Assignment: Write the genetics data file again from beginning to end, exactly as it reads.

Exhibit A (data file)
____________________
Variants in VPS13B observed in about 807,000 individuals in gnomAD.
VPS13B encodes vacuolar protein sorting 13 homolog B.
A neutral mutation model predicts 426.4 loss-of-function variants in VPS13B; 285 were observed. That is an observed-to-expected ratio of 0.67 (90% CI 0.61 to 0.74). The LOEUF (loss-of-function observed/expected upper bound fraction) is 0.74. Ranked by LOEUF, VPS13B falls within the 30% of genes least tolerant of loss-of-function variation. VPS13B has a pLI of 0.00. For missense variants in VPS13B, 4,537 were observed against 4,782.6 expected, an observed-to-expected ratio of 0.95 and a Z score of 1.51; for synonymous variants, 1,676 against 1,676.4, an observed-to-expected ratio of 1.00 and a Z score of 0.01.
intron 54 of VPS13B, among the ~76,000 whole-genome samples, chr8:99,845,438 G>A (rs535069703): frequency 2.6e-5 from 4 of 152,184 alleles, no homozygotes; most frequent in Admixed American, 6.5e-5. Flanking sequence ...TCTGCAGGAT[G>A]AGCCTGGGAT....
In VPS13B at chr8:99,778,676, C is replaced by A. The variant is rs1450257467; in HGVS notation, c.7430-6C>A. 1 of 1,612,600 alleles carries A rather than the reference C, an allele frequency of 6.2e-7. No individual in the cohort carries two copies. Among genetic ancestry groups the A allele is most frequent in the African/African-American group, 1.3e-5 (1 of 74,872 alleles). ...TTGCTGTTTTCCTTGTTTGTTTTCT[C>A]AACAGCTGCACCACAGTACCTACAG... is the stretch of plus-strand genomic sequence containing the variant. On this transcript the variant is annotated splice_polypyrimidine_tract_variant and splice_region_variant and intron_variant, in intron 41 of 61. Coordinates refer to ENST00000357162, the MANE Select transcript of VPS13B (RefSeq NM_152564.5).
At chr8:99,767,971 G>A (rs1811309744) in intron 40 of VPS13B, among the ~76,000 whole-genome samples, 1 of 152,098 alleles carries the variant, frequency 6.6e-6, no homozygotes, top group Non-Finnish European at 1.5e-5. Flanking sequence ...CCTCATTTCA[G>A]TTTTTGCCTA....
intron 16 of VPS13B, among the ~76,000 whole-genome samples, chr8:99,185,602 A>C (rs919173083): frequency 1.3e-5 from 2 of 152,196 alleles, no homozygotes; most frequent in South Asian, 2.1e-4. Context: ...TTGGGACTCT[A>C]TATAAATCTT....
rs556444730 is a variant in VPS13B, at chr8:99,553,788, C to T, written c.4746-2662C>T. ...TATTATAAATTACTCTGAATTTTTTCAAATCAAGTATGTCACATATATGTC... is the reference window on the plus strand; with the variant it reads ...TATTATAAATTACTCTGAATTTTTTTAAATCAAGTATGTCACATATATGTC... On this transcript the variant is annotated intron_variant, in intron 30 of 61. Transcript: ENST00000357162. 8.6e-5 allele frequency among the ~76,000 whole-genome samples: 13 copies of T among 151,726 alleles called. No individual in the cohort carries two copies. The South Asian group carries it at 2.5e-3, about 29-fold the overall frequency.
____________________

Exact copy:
Variants in VPS13B observed in about 807,000 individuals in gnomAD.
VPS13B encodes vacuolar protein sorting 13 homolog B.
A neutral mutation model predicts 426.4 loss-of-function variants in VPS13B; 285 were observed. That is an observed-to-expected ratio of 0.67 (90% CI 0.61 to 0.74). The LOEUF (loss-of-function observed/expected upper bound fraction) is 0.74. Ranked by LOEUF, VPS13B falls within the 30% of genes least tolerant of loss-of-function variation. VPS13B has a pLI of 0.00. For missense variants in VPS13B, 4,537 were observed against 4,782.6 expected, an observed-to-expected ratio of 0.95 and a Z score of 1.51; for synonymous variants, 1,676 against 1,676.4, an observed-to-expected ratio of 1.00 and a Z score of 0.01.
intron 54 of VPS13B, among the ~76,000 whole-genome samples, chr8:99,845,438 G>A (rs535069703): frequency 2.6e-5 from 4 of 152,184 alleles, no homozygotes; most frequent in Admixed American, 6.5e-5. Flanking sequence ...TCTGCAGGAT[G>A]AGCCTGGGAT....
In VPS13B at chr8:99,778,676, C is replaced by A. The variant is rs1450257467; in HGVS notation, c.7430-6C>A. 1 of 1,612,600 alleles carries A rather than the reference C, an allele frequency of 6.2e-7. No individual in the cohort carries two copies. Among genetic ancestry groups the A allele is most frequent in the African/African-American group, 1.3e-5 (1 of 74,872 alleles). ...TTGCTGTTTTCCTTGTTTGTTTTCT[C>A]AACAGCTGCACCACAGTACCTACAG... is the stretch of plus-strand genomic sequence containing the variant. On this transcript the variant is annotated splice_polypyrimidine_tract_variant and splice_region_variant and intron_variant, in intron 41 of 61. Coordinates refer to ENST00000357162, the MANE Select transcript of VPS13B (RefSeq NM_152564.5).
At chr8:99,767,971 G>A (rs1811309744) in intron 40 of VPS13B, among the ~76,000 whole-genome samples, 1 of 152,098 alleles carries the variant, frequency 6.6e-6, no homozygotes, top group Non-Finnish European at 1.5e-5. Flanking sequence ...CCTCATTTCA[G>A]TTTTTGCCTA....
intron 16 of VPS13B, among the ~76,000 whole-genome samples, chr8:99,185,602 A>C (rs919173083): frequency 1.3e-5 from 2 of 152,196 alleles, no homozygotes; most frequent in South Asian, 2.1e-4. Context: ...TTGGGACTCT[A>C]TATAAATCTT....
rs556444730 is a variant in VPS13B, at chr8:99,553,788, C to T, written c.4746-2662C>T. ...TATTATAAATTACTCTGAATTTTTTCAAATCAAGTATGTCACATATATGTC... is the reference window on the plus strand; with the variant it reads ...TATTATAAATTACTCTGAATTTTTTTAAATCAAGTATGTCACATATATGTC... On this transcript the variant is annotated intron_variant, in intron 30 of 61. Transcript: ENST00000357162. 8.6e-5 allele frequency among the ~76,000 whole-genome samples: 13 copies of T among 151,726 alleles called. No individual in the cohort carries two copies. The South Asian group carries it at 2.5e-3, about 29-fold the overall frequency.